Let’s Get Political With Melanie Lynskey And Elijah Wood At Sundance

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To set the scene: It’s a snowy Saturday in Park City, Utah and I’m making my way up a large, icy hill to try and reach a small cottage in which I’m supposed to meet Melanie Lynskey and Elijah Wood to talk about their new Sundance movie, I Don’t Feel at Home in This World Anymore. While this is going on, just a few feet away, the Park City version of the Women’s March is happening, which is very audible during our upcoming conversation – to the point it’s impossible not to talk about it and the political motivation that surrounded the marches that happened here, Washington D.C., and around the country. Let’s just say it was a very unique interview atmosphere for all of us.

Macon Blair’s I Don’t Feel at Home in This World Anymore is a hard movie to sum up in just a few sentences, but here’s my best try: Lynskey plays Ruth, a women who had her house burglarized and feels violated and doesn’t necessarily want “revenge,” but would like it if people stopped being assholes. She enlists her eccentric neighbor Tony (Wood), and the two go on a rampage through town in an effort to get her stuff back. The film starts as a slow burn, but the audacity and violence keeps ramping up as we go along. It’s something to behold. Throwing stars are involved.

Ahead, we talk about a lot of things. Somehow Two and a Half Men, Back to the Future Part II and The Good Son are all discussed. And we also debate if dentists get yelled at on Twitter for having political opinions.

I’ve never done an interview with a protest march going on right outside.

Lynskey: I keep hearing it and feeling very invigorated.

Wood: Yeah, Chelsea Handler was just speaking. You could hear her. It feels weird to be doing interviews and not being part of it.

I agree.

Wood: Or just standing in solidarity.

Being from New Zealand, how invested can you get in this?

Lynskey: But I’ve lived here for 16 years. I mean, I care about New Zealand politics as well and I’m curious about what’s happened, but I don’t live there. So this feels more sort of, it’s affecting me. And this is where I pay taxes. There are a lot of people on Twitter being like, “Shut the fuck up. You don’t get to say anything about it.” And I was like, “Um, I pay taxes here. I’ve lived here for a long time.”

Wood: Are you a citizen?

Lynskey: I’m not.

Wood: Oh, funny. I thought you would have been a citizen by now.

Lynskey: I get called for jury duty all the time. Like twice a year, I get a thing in the mail. You have to call a number and you say, “I’m not a citizen.” But I don’t know, there’s part of me that’s like, because when Hillary was the nominee, I thought she was a great nominee and I really wished I could vote for her and as really being like, “Shit, I really wish I was a citizen.” I wish I could have voted for Obama, too.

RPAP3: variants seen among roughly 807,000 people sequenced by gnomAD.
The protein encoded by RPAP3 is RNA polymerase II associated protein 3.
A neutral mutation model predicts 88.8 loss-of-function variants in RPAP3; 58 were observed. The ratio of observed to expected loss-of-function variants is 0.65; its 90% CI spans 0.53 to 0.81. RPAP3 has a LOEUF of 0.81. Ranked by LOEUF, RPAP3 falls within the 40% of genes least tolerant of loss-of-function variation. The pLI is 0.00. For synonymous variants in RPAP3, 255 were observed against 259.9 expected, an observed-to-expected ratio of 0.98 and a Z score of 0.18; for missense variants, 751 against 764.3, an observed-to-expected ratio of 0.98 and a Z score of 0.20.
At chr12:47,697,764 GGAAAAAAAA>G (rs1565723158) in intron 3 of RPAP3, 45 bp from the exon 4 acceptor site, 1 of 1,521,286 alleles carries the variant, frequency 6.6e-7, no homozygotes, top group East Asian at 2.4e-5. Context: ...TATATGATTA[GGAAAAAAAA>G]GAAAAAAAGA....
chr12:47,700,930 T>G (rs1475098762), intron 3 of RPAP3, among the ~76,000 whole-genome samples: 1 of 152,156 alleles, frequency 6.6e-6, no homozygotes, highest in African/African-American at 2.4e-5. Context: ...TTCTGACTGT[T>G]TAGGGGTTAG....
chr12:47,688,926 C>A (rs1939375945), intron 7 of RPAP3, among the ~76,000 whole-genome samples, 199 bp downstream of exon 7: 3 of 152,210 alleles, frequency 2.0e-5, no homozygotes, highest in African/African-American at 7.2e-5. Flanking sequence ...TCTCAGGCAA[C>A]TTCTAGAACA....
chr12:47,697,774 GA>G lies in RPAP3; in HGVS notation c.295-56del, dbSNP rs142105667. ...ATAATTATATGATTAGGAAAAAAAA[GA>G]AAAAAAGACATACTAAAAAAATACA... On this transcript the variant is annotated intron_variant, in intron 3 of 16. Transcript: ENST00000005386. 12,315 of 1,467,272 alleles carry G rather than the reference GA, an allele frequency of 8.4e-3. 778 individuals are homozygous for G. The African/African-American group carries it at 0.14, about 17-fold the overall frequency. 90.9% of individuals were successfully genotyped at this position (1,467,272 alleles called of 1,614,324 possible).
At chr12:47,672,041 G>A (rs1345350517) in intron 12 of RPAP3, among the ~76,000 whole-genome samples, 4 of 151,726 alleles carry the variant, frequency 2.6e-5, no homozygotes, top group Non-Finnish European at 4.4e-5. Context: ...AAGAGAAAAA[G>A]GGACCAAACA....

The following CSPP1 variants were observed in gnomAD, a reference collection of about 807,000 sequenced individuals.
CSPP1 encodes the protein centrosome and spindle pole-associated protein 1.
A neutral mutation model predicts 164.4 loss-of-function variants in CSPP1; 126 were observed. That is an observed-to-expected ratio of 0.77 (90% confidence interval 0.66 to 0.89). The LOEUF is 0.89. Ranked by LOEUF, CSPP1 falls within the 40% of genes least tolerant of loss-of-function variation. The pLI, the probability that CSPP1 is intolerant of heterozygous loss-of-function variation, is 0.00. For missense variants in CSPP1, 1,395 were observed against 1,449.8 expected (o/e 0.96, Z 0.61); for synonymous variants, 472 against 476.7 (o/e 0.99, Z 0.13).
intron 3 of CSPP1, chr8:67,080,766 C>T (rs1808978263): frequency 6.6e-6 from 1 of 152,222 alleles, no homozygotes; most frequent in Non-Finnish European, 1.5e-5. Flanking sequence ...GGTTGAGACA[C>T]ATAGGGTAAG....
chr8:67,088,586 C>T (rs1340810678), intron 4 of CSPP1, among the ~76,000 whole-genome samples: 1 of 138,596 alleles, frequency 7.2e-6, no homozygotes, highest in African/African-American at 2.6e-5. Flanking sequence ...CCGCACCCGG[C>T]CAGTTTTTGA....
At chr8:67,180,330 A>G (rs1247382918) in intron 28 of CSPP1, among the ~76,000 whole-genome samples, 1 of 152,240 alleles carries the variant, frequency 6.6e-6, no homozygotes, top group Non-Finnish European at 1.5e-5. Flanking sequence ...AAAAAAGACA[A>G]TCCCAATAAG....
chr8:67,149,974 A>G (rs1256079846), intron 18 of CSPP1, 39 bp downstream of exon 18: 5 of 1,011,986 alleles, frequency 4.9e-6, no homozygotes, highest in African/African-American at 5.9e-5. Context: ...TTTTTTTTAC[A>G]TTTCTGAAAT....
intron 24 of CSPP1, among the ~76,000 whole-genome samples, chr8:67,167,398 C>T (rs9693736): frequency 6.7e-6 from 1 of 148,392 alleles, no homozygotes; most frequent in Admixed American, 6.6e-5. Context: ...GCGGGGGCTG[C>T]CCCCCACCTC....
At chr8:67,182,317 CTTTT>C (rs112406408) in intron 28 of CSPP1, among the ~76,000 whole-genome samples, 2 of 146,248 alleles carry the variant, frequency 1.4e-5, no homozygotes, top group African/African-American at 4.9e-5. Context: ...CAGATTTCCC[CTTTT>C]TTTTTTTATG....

Does something like this election inspire you to be a citizen? So you can vote against it?

Lynskey: Yeah. I mean, if I lived in Texas or if I lived in North Carolina I would have been a citizen years ago. I feel irresponsible. I’m going to do it.

Wood: You should.

Lynskey: Yeah.

I grew up in Missouri, but live in New York now and it does feel like my vote doesn’t count as much now, which doesn’t seem fair.

Lynskey: That’s how I feel. Everyone’s like, “You’re fine, you’re in California.” But…

Wood: I voted in Texas, because I’m actually a Texas resident, technically, so that felt good. Not that it helped…

Lynskey: I feel bad. I do also want to do jury duty. I’m very curious.

I was on a murder trial once in New York.

Wood: Were you really?

Lynskey: How long?

Three weeks.

Wood: Wow. Not to sound morbid, but isn’t that kind of what you hope for if you do jury duty?

That’s the way I looked at it, if I’m putting in the time I want to decide something important.

Wood: Was it cut and dried? Was it obvious?

It was not obvious. It was very complicated.

Lynskey: Oh, I would hate that.

Wood: That responsibility?

Lynskey: It would give me so much anxiety. Yeah.

After I saw I Don’t Feel At Home In This Word Anymore I think I felt inspired. And woman cut in front of me in line and I confronted her by saying, “That’s rude.” She said, “Is it going to kill you?” And I quoted the movie, “I want people to stop being assholes.”

Wood: You said, “That was rude,” and that was her reaction? “Is it going to kill you?,” was her reaction.

Lynskey: That’s an asshole.

Wood: That’s so shitty.

Yeah, I know.

Wood: Fuck.

There is an underlying tone in the movie that people are dicks.

Lynskey: Oh, sure.

Wood: Yeah. Especially online. It’s really awful.

How do you guys put up with it?

Wood: I just ignore it. I don’t have a ton of negativity in my feed. It tends to happen if you say something, if you go on a limb and say something political or humanist or whatever it is. if you make some kind of statement or stance, then you’re going to get attacked. That’s how it’s happened to me in the past. And it’s really shitty, but it’s also to be expected. So it doesn’t get to my core. Like I don’t give a fuck what people have to say. What I find interesting is when people are upset by it and try and combat, which ultimately is a lose-lose because you’re not really dealing with a genuine sort of intelligent discourse. You’re just dealing with people shouting.